Speech: “Together we will unleash girls’ power in all its dimensions”

Remarks by UN Women Deputy Executive Director, Lakshmi Puri during the UN commemoration of the International Day of the Girl Child 2017


Dear colleagues, distinguished participants and dear friends,

Good morning and happy International Day of the Girl.

Thank you for all of your commitment, enthusiasm and determination to make a difference for girls and thank you to all the girls who are here and beyond listening to us and working with us.

Thank you especially to UNICEF for once again hosting today’s event to commemorate the International Day of the Girl, which UN Women is pleased to co-sponsor.

UN Women Deputy Executive Director Lakshmi Puri speaks at the official commemoration of International Day of the Girl Child. Photo: UN Women/Jodie Mann
Deputy Executive Director of UN Women, Lakshmi Puri, speaks at the official commemoration of International Day of the Girl Child. Photo: UN Women/Jodie Mann

Let me say that too often adolescent girls face intersecting disadvantages because of their age, gender, ethnic background, sexual identity, religion affiliation, income, disability among other compounded factors. We have seen pictures, evoked images of girls in different situations that live with disadvantage, even without crisis. The perception and reality of vulnerability arising out of these multiple intersectionalities really creates that context of discrimination and differentiated impact of crisis.

During conflict or humanitarian situations, natural disasters or climate change, these factors exacerbate and disproportionately and differentially affect young women and girls due to neglect of their human rights and the intersecting forms gender-inequality and discrimination that they endure. So this is how we shine the light on this particular situation of girls in emergencies. As was mentioned, it is often forgotten that women and girls are not only helpless victims, they are sources of power, power to cope, power to prevent, power to reduce risk, power for resilience and transformation and to build back better after crisis. That is the power that we want to invoke and tap into.

We must be outraged about the disadvantages that girls still experience. But here has been some progress. Humanitarian actors and governments are much more aware today about addressing crises and resilience building with a gender lens and with a girls lens. But, we still have miles to go.

  • Imagine that to date, women and children account for more than 75 per cent of the refugees and displaced persons at risk from war, famine, persecution and natural disasters.
  • Every 10 minutes, somewhere in the world, an adolescent girl dies because of violence.
  • Up to one-third of adolescent girls report their first sexual experience as being forced and they are victims of sexual violence. Currently at least 133 million girls and women have experienced female genital mutilation.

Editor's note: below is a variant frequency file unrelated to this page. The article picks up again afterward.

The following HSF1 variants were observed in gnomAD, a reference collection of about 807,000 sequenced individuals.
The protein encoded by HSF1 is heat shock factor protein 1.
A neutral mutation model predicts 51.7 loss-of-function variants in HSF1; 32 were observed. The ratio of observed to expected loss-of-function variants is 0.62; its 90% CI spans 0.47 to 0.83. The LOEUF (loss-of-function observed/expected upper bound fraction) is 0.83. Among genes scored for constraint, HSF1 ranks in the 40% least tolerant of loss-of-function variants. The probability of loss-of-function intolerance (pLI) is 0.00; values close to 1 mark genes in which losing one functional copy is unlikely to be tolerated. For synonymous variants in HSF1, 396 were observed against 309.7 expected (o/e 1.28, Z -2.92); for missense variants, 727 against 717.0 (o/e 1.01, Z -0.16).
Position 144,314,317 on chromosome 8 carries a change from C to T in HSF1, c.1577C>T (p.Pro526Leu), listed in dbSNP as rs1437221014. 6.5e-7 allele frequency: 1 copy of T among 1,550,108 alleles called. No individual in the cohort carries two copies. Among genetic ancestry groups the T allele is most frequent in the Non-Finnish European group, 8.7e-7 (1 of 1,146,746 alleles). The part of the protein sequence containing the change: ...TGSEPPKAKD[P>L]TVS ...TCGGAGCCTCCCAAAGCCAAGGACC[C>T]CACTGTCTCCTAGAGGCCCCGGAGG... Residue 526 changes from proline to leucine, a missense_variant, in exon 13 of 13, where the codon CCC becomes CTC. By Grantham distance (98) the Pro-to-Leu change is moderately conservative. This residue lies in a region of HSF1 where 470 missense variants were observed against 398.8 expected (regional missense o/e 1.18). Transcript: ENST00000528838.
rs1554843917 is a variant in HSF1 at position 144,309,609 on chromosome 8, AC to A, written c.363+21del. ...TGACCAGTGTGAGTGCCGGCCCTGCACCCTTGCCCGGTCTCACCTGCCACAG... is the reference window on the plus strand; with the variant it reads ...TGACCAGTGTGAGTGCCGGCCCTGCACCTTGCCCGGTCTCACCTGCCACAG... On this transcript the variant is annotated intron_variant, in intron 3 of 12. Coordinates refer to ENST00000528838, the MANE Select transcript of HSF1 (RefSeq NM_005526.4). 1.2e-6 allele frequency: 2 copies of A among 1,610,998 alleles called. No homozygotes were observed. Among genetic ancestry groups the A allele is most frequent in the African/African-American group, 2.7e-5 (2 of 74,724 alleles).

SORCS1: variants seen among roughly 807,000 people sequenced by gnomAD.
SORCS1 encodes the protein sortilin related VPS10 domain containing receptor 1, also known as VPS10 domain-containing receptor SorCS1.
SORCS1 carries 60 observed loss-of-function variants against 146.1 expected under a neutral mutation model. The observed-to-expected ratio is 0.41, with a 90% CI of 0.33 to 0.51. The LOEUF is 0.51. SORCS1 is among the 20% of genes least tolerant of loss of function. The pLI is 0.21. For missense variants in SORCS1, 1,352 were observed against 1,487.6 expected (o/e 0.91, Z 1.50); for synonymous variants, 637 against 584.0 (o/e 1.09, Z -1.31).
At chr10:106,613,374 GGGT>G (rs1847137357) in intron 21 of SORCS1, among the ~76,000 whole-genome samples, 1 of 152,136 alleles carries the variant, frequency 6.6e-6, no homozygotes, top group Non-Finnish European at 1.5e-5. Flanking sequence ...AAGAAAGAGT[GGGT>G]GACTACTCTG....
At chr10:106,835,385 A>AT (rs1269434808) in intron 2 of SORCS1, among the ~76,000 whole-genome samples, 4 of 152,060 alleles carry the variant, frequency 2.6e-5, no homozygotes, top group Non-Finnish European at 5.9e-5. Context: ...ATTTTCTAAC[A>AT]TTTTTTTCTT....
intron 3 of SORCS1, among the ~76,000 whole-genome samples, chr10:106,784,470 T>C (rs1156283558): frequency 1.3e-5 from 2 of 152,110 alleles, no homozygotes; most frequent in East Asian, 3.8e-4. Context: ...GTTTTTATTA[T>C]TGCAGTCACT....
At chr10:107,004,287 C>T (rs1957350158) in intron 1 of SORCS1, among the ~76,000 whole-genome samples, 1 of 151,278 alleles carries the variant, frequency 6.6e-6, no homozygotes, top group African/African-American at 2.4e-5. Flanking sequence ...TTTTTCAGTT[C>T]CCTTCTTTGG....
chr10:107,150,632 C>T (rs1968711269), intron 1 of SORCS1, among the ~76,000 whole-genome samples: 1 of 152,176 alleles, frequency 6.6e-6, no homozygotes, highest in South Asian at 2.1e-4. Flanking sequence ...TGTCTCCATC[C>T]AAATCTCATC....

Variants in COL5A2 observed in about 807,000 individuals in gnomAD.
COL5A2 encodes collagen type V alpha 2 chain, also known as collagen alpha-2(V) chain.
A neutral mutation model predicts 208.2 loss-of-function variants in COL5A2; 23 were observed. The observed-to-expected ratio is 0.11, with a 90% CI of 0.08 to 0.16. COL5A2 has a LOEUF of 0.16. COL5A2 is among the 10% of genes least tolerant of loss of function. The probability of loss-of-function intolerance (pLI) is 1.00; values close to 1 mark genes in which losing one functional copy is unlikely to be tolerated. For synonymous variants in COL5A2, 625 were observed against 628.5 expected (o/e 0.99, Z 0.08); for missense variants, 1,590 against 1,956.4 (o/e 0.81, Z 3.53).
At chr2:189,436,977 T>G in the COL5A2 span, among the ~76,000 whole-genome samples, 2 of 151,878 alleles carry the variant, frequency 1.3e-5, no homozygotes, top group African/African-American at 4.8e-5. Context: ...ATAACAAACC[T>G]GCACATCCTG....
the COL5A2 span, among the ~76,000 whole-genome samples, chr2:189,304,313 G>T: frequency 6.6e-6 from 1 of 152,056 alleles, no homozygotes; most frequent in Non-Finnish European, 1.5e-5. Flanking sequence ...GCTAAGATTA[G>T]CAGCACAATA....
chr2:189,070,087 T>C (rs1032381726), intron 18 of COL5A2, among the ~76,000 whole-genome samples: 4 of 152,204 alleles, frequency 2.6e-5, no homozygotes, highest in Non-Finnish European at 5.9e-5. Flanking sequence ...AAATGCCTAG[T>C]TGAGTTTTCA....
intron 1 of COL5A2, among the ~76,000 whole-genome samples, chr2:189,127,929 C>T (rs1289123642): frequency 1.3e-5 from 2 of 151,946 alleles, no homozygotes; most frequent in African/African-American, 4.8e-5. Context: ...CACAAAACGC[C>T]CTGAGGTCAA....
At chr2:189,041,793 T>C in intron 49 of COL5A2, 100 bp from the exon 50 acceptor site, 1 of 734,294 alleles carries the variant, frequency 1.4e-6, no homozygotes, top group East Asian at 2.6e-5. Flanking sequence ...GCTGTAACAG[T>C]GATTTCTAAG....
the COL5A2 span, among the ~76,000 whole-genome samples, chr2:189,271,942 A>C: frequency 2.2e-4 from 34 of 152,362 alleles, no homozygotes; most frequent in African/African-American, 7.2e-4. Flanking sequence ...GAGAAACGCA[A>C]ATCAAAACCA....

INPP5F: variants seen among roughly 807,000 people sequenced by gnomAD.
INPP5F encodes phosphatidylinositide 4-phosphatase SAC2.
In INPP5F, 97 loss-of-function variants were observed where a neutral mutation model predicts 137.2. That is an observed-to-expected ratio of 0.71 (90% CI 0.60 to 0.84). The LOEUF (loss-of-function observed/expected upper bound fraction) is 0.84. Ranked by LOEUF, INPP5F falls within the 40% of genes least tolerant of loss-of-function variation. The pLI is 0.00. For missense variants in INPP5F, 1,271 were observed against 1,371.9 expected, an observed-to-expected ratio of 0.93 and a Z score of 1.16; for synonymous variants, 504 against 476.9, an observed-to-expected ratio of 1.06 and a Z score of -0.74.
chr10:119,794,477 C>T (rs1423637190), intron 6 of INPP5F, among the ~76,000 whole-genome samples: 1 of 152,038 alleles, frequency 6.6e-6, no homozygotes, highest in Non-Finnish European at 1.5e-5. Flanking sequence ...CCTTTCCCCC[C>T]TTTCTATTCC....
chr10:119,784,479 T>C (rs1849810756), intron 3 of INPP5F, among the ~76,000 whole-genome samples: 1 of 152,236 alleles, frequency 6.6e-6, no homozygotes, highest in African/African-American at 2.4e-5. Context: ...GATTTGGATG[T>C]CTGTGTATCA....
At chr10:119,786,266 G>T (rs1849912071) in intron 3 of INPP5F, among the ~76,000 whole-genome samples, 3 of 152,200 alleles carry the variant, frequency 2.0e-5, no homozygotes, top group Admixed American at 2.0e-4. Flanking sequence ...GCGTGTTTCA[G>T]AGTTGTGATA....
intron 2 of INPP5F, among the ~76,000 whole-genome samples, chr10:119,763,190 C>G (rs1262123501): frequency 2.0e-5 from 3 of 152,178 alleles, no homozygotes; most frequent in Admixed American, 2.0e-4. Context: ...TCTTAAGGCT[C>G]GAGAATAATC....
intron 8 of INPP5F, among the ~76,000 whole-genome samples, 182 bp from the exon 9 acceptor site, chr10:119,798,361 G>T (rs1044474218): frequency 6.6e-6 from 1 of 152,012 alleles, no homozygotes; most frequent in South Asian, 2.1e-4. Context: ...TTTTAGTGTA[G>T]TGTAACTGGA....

• Imagine, that more than 700 million women alive today were married below the age of 18 – and more than one in three (some 250 million) were married before 15. And we saw that in crisis, all of this is worse.
  • Child marriage is four times higher among Syrian refugees than before the crisis. Evidence shows that 2,400 interviewed married refugee Syrian women in Lebanon, aged 20 to 24 years old, 47 per cent were child brides.

The 2030 Agenda for Sustainable Development provided us with 17 development goals, but also SDG 5, which is about “Achieving gender equality and empowering all women and girls”, in all circumstances, including in crisis and humanitarian situations. This is a big win and a commitment of the international community and we must all work to see that it is realized, most of all in crisis situations. 

The 2030 Agenda has pledged to leave no one behind. This means that in our development efforts, girls must be a priority. The world should ensure girls are granted all the opportunities they deserve as they mature into adulthood. I would also like to mention something that has not been touched upon, which also plays out in crisis. The whole culture of ‘boy preference’ and ‘girl aversion’ has to be changed, where an equal valuing of girls is something that we must inculcate in all contexts.

Enabling girls to avoid child marriage and unwanted pregnancy, protect them against HIV transmission, and acquiring the education and skills they need to realize their potential, is a key priority toward 2030 and also a priority in crisis. Sometimes we forget that these are essential elements to be taken forward in crisis situations. 

Gender equality and empowering all women and girls is something that we seek to advance and if we fail to address girls’ differentiated needs and aspirations too, a generation will be lost and with it, our hope for sustainable development, prosperity, peace and security.

It is therefore critical to EmPOWER Girls: Before, during and after emergencies